An X-ray (x-radiation) is a form of electromagnetic radiation. In a medical setting, a machine sends individual X-ray particles, called photons, through the body. A computer or special film is used to record the images that are created.

Structures that are dense (such as bone) can block most of the X-ray particles and will appear white on the film. Metal will also appear white. Structures containing air will be black, and muscle, fat and fluid will appear as various shades of gray.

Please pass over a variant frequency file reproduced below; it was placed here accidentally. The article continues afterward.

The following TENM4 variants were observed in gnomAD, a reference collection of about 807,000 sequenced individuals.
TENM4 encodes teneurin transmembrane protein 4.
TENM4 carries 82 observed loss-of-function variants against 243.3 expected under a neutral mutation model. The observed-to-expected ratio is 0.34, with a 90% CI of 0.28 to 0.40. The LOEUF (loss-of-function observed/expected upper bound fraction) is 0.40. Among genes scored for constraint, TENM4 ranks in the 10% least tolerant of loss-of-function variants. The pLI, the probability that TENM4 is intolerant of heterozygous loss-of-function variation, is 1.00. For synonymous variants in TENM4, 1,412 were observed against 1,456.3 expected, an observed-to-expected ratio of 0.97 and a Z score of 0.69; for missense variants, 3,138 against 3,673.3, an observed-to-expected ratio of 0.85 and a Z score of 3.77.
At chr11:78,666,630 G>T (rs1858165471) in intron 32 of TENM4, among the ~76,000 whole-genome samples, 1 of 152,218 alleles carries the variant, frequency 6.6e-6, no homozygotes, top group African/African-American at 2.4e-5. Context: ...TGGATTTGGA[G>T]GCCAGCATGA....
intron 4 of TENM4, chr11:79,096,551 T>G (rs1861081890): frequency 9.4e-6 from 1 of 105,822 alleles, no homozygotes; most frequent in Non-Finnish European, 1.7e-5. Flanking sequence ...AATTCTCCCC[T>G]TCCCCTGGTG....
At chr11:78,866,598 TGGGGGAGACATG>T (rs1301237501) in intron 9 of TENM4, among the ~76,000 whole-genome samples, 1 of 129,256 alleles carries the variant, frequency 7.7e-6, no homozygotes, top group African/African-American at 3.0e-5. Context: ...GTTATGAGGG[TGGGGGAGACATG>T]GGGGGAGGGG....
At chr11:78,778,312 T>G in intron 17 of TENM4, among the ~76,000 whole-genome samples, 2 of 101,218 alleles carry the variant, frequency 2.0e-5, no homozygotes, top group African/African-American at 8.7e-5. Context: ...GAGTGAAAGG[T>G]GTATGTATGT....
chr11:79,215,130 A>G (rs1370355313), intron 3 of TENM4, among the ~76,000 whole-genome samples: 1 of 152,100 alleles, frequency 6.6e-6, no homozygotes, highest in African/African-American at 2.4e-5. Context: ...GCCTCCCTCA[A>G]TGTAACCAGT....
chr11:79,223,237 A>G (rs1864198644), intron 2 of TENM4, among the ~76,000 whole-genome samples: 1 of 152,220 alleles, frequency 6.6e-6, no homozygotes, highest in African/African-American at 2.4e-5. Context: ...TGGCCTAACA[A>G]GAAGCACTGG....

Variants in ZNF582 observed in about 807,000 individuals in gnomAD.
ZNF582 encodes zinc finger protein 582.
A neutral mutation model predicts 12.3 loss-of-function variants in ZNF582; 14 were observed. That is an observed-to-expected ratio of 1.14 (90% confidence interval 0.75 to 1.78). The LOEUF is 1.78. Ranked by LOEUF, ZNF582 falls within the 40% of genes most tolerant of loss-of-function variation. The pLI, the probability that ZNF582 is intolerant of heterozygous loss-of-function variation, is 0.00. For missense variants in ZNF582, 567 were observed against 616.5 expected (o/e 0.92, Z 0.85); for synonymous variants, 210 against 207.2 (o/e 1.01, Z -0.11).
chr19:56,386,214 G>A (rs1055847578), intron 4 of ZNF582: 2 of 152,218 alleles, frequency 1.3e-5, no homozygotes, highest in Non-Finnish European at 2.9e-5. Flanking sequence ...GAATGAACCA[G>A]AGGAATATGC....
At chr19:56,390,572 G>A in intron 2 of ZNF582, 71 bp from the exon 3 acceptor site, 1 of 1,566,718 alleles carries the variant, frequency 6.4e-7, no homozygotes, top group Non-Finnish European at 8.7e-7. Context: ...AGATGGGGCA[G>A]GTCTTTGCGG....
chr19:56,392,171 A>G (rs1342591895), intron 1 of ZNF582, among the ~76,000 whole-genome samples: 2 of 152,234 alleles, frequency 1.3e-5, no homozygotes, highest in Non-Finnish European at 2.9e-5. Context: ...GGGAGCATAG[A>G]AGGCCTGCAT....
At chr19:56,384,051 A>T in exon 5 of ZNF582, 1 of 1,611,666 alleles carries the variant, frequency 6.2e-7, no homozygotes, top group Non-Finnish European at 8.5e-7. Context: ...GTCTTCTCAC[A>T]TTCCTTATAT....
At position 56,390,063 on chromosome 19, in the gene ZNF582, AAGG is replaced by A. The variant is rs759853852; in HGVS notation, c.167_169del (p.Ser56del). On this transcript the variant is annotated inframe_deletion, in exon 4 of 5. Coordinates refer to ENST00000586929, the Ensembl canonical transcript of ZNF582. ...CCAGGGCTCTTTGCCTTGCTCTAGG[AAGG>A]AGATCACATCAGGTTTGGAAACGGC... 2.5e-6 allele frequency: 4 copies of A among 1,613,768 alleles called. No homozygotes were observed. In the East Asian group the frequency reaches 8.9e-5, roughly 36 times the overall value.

X-rays can be performed on any of the following: Abdomen, Bone, Chest, Teeth / Mouth, Neck, Pelvis, Skull, Full Body (skeleton), Hand, Joints

About the Procedure

The X-ray is performed by a specially trained technologist. The film used, positioning of the body, etc. all depend on the area of the body that is to be studied. Motion can cause blurred images so it is important to be completely still during the X-ray process.

Be sure to tell your doctor if you are pregnant before receiving an X-ray. Young children and fetuses are most sensitive to the potential risks associated with X-rays.